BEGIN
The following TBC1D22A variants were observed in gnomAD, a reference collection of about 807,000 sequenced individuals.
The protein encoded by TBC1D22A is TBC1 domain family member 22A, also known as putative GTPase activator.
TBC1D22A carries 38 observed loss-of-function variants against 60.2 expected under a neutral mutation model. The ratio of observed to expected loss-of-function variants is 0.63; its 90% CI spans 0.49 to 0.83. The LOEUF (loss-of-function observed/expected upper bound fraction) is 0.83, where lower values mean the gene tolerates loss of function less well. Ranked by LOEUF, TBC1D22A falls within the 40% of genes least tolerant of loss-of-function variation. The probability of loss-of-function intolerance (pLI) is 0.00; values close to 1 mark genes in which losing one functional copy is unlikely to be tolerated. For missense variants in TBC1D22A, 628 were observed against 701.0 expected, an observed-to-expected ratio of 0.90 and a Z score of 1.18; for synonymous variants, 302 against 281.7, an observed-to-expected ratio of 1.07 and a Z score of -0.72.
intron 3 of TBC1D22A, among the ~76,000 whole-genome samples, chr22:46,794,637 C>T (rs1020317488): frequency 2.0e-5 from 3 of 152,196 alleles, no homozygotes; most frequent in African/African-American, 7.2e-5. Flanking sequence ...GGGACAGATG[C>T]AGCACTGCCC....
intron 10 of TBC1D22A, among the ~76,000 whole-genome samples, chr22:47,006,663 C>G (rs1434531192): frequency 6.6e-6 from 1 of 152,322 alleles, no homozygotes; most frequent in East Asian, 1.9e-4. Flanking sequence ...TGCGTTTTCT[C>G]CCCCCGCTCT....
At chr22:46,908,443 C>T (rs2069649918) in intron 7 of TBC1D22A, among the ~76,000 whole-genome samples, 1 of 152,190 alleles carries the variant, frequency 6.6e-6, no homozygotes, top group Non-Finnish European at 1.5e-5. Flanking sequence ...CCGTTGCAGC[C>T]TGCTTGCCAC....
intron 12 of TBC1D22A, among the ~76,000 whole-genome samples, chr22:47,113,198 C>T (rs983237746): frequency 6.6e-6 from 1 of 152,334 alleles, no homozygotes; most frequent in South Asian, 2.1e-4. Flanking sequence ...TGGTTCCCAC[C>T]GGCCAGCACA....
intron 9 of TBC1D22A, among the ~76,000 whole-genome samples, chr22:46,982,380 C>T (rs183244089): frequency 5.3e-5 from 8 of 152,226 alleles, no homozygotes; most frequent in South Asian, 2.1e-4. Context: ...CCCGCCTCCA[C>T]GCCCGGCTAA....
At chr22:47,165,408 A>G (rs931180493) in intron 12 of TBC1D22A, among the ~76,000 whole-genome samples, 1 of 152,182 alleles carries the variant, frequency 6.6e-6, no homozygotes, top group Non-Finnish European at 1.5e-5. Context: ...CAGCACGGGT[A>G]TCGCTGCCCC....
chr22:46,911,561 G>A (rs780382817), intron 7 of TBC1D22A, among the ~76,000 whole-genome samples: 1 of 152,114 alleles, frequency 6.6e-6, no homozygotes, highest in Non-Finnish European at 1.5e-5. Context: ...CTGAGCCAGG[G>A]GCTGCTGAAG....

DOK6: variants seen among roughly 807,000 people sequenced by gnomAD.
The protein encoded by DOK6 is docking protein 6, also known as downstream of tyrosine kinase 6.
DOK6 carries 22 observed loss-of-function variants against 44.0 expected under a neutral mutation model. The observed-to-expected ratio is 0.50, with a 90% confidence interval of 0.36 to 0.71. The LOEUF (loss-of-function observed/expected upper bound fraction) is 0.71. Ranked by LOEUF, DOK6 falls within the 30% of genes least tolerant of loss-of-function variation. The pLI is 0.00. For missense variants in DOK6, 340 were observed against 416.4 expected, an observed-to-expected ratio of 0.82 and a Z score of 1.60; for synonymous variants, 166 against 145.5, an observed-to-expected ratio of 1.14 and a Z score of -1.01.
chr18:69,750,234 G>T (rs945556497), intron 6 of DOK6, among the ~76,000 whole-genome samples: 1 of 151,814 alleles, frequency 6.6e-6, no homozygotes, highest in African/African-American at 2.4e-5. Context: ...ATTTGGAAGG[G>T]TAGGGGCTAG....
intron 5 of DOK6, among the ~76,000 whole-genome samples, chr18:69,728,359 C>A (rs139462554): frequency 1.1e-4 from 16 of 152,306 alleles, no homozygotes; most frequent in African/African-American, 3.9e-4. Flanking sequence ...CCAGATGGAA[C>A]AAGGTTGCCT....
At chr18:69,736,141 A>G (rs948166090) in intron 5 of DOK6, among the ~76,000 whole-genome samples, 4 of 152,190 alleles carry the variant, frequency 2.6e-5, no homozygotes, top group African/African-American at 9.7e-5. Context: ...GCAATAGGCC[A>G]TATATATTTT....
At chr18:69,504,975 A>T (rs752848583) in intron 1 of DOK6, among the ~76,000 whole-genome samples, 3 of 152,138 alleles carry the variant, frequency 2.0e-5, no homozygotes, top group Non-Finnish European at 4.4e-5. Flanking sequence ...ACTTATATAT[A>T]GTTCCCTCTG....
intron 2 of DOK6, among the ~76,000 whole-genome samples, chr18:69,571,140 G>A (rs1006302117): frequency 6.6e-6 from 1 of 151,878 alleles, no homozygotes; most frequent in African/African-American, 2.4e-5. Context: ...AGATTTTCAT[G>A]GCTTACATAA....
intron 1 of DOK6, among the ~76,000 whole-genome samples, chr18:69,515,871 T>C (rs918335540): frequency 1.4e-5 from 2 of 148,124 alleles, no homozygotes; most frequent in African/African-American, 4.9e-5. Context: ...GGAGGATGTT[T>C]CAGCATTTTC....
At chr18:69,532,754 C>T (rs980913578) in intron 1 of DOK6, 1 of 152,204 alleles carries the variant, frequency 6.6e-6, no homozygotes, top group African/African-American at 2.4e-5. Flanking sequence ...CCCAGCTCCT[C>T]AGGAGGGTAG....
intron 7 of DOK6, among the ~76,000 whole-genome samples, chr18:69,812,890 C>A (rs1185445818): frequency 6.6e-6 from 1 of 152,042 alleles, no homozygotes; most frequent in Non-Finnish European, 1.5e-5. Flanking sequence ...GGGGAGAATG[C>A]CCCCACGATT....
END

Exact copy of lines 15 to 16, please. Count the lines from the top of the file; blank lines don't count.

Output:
intron 5 of DOK6, among the ~76,000 whole-genome samples, chr18:69,728,359 C>A (rs139462554): frequency 1.1e-4 from 16 of 152,306 alleles, no homozygotes; most frequent in African/African-American, 3.9e-4. Flanking sequence ...CCAGATGGAA[C>A]AAGGTTGCCT....
At chr18:69,736,141 A>G (rs948166090) in intron 5 of DOK6, among the ~76,000 whole-genome samples, 4 of 152,190 alleles carry the variant, frequency 2.6e-5, no homozygotes, top group African/African-American at 9.7e-5. Context: ...GCAATAGGCC[A>G]TATATATTTT....